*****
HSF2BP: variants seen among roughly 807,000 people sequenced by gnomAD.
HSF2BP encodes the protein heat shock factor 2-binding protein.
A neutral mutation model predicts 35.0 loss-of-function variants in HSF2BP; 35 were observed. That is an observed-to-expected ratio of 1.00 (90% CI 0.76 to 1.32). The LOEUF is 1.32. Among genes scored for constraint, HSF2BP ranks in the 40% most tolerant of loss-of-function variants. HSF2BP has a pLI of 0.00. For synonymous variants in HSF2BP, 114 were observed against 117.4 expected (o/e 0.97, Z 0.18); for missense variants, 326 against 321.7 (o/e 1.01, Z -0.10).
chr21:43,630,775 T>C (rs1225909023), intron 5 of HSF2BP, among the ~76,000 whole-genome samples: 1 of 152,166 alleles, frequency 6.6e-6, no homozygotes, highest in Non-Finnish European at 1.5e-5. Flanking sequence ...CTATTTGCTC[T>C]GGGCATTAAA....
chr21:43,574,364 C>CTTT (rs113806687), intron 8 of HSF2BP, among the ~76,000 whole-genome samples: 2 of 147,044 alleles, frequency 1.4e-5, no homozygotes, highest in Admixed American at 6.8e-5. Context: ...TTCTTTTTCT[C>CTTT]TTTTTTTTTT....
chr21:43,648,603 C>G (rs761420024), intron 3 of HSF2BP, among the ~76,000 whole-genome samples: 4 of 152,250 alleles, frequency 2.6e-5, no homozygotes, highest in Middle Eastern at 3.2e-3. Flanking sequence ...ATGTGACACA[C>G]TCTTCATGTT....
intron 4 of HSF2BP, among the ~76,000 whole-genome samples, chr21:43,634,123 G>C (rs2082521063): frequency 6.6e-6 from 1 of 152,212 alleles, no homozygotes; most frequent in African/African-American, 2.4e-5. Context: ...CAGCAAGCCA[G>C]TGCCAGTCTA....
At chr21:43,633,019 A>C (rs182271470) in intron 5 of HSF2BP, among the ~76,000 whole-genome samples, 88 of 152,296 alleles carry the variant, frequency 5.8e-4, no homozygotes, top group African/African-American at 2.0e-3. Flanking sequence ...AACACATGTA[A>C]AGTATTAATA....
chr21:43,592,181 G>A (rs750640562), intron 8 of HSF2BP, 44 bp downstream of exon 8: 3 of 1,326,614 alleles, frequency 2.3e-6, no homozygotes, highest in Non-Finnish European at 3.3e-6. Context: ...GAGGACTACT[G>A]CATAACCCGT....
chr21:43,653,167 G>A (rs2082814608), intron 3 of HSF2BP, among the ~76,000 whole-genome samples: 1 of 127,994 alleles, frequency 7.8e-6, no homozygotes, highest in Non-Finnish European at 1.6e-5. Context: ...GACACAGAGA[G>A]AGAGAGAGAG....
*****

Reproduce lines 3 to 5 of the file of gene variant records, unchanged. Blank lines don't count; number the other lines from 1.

A neutral mutation model predicts 35.0 loss-of-function variants in HSF2BP; 35 were observed. That is an observed-to-expected ratio of 1.00 (90% CI 0.76 to 1.32). The LOEUF is 1.32. Among genes scored for constraint, HSF2BP ranks in the 40% most tolerant of loss-of-function variants. HSF2BP has a pLI of 0.00. For synonymous variants in HSF2BP, 114 were observed against 117.4 expected (o/e 0.97, Z 0.18); for missense variants, 326 against 321.7 (o/e 1.01, Z -0.10).
chr21:43,630,775 T>C (rs1225909023), intron 5 of HSF2BP, among the ~76,000 whole-genome samples: 1 of 152,166 alleles, frequency 6.6e-6, no homozygotes, highest in Non-Finnish European at 1.5e-5. Flanking sequence ...CTATTTGCTC[T>C]GGGCATTAAA....
chr21:43,574,364 C>CTTT (rs113806687), intron 8 of HSF2BP, among the ~76,000 whole-genome samples: 2 of 147,044 alleles, frequency 1.4e-5, no homozygotes, highest in Admixed American at 6.8e-5. Context: ...TTCTTTTTCT[C>CTTT]TTTTTTTTTT....